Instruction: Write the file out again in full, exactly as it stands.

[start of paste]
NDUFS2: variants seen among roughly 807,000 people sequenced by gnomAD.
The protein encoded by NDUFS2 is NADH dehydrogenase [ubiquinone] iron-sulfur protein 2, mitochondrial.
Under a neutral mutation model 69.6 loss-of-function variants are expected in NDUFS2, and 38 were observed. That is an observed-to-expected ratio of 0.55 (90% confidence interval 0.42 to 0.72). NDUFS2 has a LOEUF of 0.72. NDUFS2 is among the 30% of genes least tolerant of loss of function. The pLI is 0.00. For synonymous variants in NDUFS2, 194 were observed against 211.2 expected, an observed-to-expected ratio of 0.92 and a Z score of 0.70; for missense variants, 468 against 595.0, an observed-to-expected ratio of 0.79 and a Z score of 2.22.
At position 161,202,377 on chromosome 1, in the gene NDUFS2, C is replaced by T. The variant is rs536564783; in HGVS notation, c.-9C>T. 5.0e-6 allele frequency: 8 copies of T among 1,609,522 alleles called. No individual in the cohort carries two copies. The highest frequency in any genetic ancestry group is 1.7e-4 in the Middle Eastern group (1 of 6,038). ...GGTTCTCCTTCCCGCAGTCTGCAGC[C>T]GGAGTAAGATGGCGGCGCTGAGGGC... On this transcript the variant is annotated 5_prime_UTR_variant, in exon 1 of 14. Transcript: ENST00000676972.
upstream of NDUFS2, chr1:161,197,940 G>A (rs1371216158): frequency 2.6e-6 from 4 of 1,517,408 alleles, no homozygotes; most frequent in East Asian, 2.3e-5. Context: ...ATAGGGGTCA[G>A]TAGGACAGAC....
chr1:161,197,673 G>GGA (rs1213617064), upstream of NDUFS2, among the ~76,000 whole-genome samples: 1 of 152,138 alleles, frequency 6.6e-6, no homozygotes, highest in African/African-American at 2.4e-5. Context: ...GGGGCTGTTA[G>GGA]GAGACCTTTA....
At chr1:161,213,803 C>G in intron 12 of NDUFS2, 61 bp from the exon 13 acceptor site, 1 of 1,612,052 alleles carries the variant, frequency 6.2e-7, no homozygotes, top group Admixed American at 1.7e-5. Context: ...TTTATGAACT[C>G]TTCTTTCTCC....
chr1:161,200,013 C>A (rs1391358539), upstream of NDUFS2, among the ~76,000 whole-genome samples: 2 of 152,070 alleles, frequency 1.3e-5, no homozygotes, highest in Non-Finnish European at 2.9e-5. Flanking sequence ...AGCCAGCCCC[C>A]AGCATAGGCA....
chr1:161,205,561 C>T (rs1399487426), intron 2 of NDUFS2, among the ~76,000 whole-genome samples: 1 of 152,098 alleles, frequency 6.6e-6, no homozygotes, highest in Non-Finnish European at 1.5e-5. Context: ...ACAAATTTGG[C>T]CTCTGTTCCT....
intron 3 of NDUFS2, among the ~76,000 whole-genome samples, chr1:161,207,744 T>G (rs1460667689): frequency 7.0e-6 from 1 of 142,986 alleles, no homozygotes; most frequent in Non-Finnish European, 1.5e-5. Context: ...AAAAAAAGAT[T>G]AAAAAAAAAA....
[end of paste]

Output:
NDUFS2: variants seen among roughly 807,000 people sequenced by gnomAD.
The protein encoded by NDUFS2 is NADH dehydrogenase [ubiquinone] iron-sulfur protein 2, mitochondrial.
Under a neutral mutation model 69.6 loss-of-function variants are expected in NDUFS2, and 38 were observed. That is an observed-to-expected ratio of 0.55 (90% confidence interval 0.42 to 0.72). NDUFS2 has a LOEUF of 0.72. NDUFS2 is among the 30% of genes least tolerant of loss of function. The pLI is 0.00. For synonymous variants in NDUFS2, 194 were observed against 211.2 expected, an observed-to-expected ratio of 0.92 and a Z score of 0.70; for missense variants, 468 against 595.0, an observed-to-expected ratio of 0.79 and a Z score of 2.22.
At position 161,202,377 on chromosome 1, in the gene NDUFS2, C is replaced by T. The variant is rs536564783; in HGVS notation, c.-9C>T. 5.0e-6 allele frequency: 8 copies of T among 1,609,522 alleles called. No individual in the cohort carries two copies. The highest frequency in any genetic ancestry group is 1.7e-4 in the Middle Eastern group (1 of 6,038). ...GGTTCTCCTTCCCGCAGTCTGCAGC[C>T]GGAGTAAGATGGCGGCGCTGAGGGC... On this transcript the variant is annotated 5_prime_UTR_variant, in exon 1 of 14. Transcript: ENST00000676972.
upstream of NDUFS2, chr1:161,197,940 G>A (rs1371216158): frequency 2.6e-6 from 4 of 1,517,408 alleles, no homozygotes; most frequent in East Asian, 2.3e-5. Context: ...ATAGGGGTCA[G>A]TAGGACAGAC....
chr1:161,197,673 G>GGA (rs1213617064), upstream of NDUFS2, among the ~76,000 whole-genome samples: 1 of 152,138 alleles, frequency 6.6e-6, no homozygotes, highest in African/African-American at 2.4e-5. Context: ...GGGGCTGTTA[G>GGA]GAGACCTTTA....
At chr1:161,213,803 C>G in intron 12 of NDUFS2, 61 bp from the exon 13 acceptor site, 1 of 1,612,052 alleles carries the variant, frequency 6.2e-7, no homozygotes, top group Admixed American at 1.7e-5. Context: ...TTTATGAACT[C>G]TTCTTTCTCC....
chr1:161,200,013 C>A (rs1391358539), upstream of NDUFS2, among the ~76,000 whole-genome samples: 2 of 152,070 alleles, frequency 1.3e-5, no homozygotes, highest in Non-Finnish European at 2.9e-5. Flanking sequence ...AGCCAGCCCC[C>A]AGCATAGGCA....
chr1:161,205,561 C>T (rs1399487426), intron 2 of NDUFS2, among the ~76,000 whole-genome samples: 1 of 152,098 alleles, frequency 6.6e-6, no homozygotes, highest in Non-Finnish European at 1.5e-5. Context: ...ACAAATTTGG[C>T]CTCTGTTCCT....
intron 3 of NDUFS2, among the ~76,000 whole-genome samples, chr1:161,207,744 T>G (rs1460667689): frequency 7.0e-6 from 1 of 142,986 alleles, no homozygotes; most frequent in Non-Finnish European, 1.5e-5. Context: ...AAAAAAAGAT[T>G]AAAAAAAAAA....